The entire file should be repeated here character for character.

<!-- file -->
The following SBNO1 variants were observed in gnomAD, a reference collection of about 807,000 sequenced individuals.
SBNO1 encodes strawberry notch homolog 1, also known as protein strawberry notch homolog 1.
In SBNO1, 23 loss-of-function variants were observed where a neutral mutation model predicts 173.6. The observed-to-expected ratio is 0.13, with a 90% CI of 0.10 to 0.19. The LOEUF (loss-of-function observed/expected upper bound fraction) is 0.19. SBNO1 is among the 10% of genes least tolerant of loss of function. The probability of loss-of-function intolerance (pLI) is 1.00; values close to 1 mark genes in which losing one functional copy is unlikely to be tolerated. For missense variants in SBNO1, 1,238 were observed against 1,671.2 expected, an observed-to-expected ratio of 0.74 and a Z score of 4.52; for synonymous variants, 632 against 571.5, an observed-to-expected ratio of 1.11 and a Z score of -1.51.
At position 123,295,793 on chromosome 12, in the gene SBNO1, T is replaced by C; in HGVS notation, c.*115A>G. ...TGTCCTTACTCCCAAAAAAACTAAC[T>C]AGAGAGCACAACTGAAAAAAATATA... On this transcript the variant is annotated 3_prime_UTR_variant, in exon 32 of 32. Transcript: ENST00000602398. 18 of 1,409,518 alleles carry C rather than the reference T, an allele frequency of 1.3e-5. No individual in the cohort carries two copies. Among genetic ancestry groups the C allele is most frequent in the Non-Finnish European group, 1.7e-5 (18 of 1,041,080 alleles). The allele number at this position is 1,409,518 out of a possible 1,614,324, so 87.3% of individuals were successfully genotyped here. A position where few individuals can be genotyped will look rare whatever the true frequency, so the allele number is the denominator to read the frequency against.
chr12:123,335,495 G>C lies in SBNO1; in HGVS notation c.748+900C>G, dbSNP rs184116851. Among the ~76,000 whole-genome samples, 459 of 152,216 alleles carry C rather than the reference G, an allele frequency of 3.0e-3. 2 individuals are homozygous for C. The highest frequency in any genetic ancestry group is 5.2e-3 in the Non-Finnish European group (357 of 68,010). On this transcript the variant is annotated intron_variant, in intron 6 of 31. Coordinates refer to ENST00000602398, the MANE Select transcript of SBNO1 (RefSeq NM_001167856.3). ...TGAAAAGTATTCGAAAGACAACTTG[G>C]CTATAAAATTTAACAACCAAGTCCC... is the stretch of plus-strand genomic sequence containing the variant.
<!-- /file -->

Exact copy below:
The following SBNO1 variants were observed in gnomAD, a reference collection of about 807,000 sequenced individuals.
SBNO1 encodes strawberry notch homolog 1, also known as protein strawberry notch homolog 1.
In SBNO1, 23 loss-of-function variants were observed where a neutral mutation model predicts 173.6. The observed-to-expected ratio is 0.13, with a 90% CI of 0.10 to 0.19. The LOEUF (loss-of-function observed/expected upper bound fraction) is 0.19. SBNO1 is among the 10% of genes least tolerant of loss of function. The probability of loss-of-function intolerance (pLI) is 1.00; values close to 1 mark genes in which losing one functional copy is unlikely to be tolerated. For missense variants in SBNO1, 1,238 were observed against 1,671.2 expected, an observed-to-expected ratio of 0.74 and a Z score of 4.52; for synonymous variants, 632 against 571.5, an observed-to-expected ratio of 1.11 and a Z score of -1.51.
At position 123,295,793 on chromosome 12, in the gene SBNO1, T is replaced by C; in HGVS notation, c.*115A>G. ...TGTCCTTACTCCCAAAAAAACTAAC[T>C]AGAGAGCACAACTGAAAAAAATATA... On this transcript the variant is annotated 3_prime_UTR_variant, in exon 32 of 32. Transcript: ENST00000602398. 18 of 1,409,518 alleles carry C rather than the reference T, an allele frequency of 1.3e-5. No individual in the cohort carries two copies. Among genetic ancestry groups the C allele is most frequent in the Non-Finnish European group, 1.7e-5 (18 of 1,041,080 alleles). The allele number at this position is 1,409,518 out of a possible 1,614,324, so 87.3% of individuals were successfully genotyped here. A position where few individuals can be genotyped will look rare whatever the true frequency, so the allele number is the denominator to read the frequency against.
chr12:123,335,495 G>C lies in SBNO1; in HGVS notation c.748+900C>G, dbSNP rs184116851. Among the ~76,000 whole-genome samples, 459 of 152,216 alleles carry C rather than the reference G, an allele frequency of 3.0e-3. 2 individuals are homozygous for C. The highest frequency in any genetic ancestry group is 5.2e-3 in the Non-Finnish European group (357 of 68,010). On this transcript the variant is annotated intron_variant, in intron 6 of 31. Coordinates refer to ENST00000602398, the MANE Select transcript of SBNO1 (RefSeq NM_001167856.3). ...TGAAAAGTATTCGAAAGACAACTTG[G>C]CTATAAAATTTAACAACCAAGTCCC... is the stretch of plus-strand genomic sequence containing the variant.